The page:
Treasure for the Taking
by Edna C. Horning
Dr. Rappaport was a smart man, very smart indeed, the youngest to make full professor at the university, or so Leonora had heard. Truth to tell, she herself was developing a bit of a crush on him.
Nonetheless, he could be, as one might say, snide. He admired Diderot and his ilk, he of the last-king-strangled-with-the-entrails-of-the-last-priest fame, and on a number of occasions expressed a keen interest in artificial intelligence, predicting that at some point in the future science in tandem with technology will most assuredly develop robots that see, hear, touch, taste, feel, think, behave, and even reproduce so precisely as humans do that the two will be indistinguishable. Identical. One and the same.
“Sadly or not, we ourselves are nothing but genetically programmed, protoplasmic robots,” he declared while tossing a piece of chalk high into the air and deftly snatching it back from the ether on its way down. “Nothing but.”
Leonora considered it a safe bet that an individual so inclined would give her words a frosty reception and that practice in front of a mirror would be advisable. It probably wouldn’t make her more credible but might help forestall a nervous tremor in the voice.
Prior to class, she double-checked the hours posted on Dr. Rappaport’s office door, easy enough as it was in the same building and on the same floor. There it was in indisputable black and white: 2:00-4:00 Tuesdays and Thursdays. Immediately following, she asked to speak with him in private.
“I’ll be very brief, sir, I assure you. It won’t take but a minute.”
She followed him down the hall and into the high-ceilinged room that added truckloads of fuel to the stereotype of a professorial preference for clutter. He left the door ajar and gestured for her to sit and. though she would have preferred to stand, she had no wish to appear contrary.
Leonora cleared her throat partly from anxiety and partly from the waning throes of a spring cold and said, “I have a message for you.”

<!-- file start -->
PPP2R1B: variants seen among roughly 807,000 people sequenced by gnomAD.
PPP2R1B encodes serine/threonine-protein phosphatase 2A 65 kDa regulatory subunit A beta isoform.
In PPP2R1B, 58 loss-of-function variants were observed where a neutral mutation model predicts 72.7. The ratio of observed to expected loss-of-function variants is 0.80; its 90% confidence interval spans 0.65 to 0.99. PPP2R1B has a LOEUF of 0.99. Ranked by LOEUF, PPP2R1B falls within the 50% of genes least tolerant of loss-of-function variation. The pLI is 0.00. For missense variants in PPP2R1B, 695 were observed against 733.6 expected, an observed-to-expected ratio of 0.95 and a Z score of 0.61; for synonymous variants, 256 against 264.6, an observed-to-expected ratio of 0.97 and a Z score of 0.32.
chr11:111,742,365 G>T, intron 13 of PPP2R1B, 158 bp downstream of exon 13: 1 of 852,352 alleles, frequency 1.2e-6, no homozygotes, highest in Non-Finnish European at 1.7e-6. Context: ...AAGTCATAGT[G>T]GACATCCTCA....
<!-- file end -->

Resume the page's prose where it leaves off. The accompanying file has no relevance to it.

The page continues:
Dr. Rappaport raised his eyebrows. “Who from?”
“Uh, I’m not sure. I couldn’t quite make it out. It... it sounded similar to ‘Sylvia’,” she explained, “except that it wasn’t ‘Sylvia’. It was longer.”
The raised eyebrows lowered themselves into a vague frown. “And, ah, what message does this Sylvia who isn’t Sylvia have for me?”
Leonora cleared her throat a second time. “She said, ‘Tell my brother I hope he’s forgiven me for throwing that silver dollar down the well because I forgave him long ago for ratting us out’.”
For a few moments, Dr. Rappaport was silent, but in those few, Leonora saw something flicker in his eyes. No, behind his eyes, if such is possible.
* * *
Sylvestra Louisa Weir, nee Rappaport, had come out first, recorded by the attending nurse as five minutes prior to the emergence of her brother Stefan, and from the time she could talk regularly reminded him that she was the older twin. Stefan didn’t mind. He adored his sister.
During the school year, the two city kids were hemmed in by rules and reinforced concrete but, within hours of the final dismissal, they arrived at their grandparents’ rural homestead where the avid explorers shed their winter doldrums and re-submerged themselves into the glories of nature.
Parents and grandparents were of two minds regarding the advisability of such. They recognized the risk inherent in unsupervised explorations but conceded that, save for the normal number of scrapes, scratches, and bug bites, the kids always came home relatively unscathed, and so they found themselves reluctant to forbid these free-range undertakings.
They exhorted the youngsters to exercise “good judgment” and “common sense” and “not take unnecessary risks” while simultaneously declaring certain areas and activities off-limits, proscriptions Stefan and Sylvestra had few qualms about ignoring should an alluring adventure beckon.
This noncompliance generated the occasional close call. There was the time when, traversing a swampy stretch, Sylvestra was almost bitten by a cottonmouth the size of a man’s arm, a species evidently untutored in the conventional wisdom that snakes are more afraid of people than people are of them.
And the time Stefan, not fully familiar with the signs that a tree limb is rotten, had climbed up and out to seat himself at its farther end when it gave one loud, awful crack, just enough warning to send him scooting back to the trunk before it gave a louder, even more awful, and final crack.
And the time they crawled upwards, Sylvestra in the lead, through a crevice going from the bottom to the top of a sandstone escarpment and, upon finding themselves stuck in the increasingly narrow passageway, had to fight off claustrophobic panic as Stefan inched downward, pulling his sister with him by her feet.
And so forth and so on.
In successive summers, they wandered a little farther afield than in the previous so that by mid-adolescence few brooks or nooks, caves or crags in the valley or on the near mountainside had not been investigated à deux.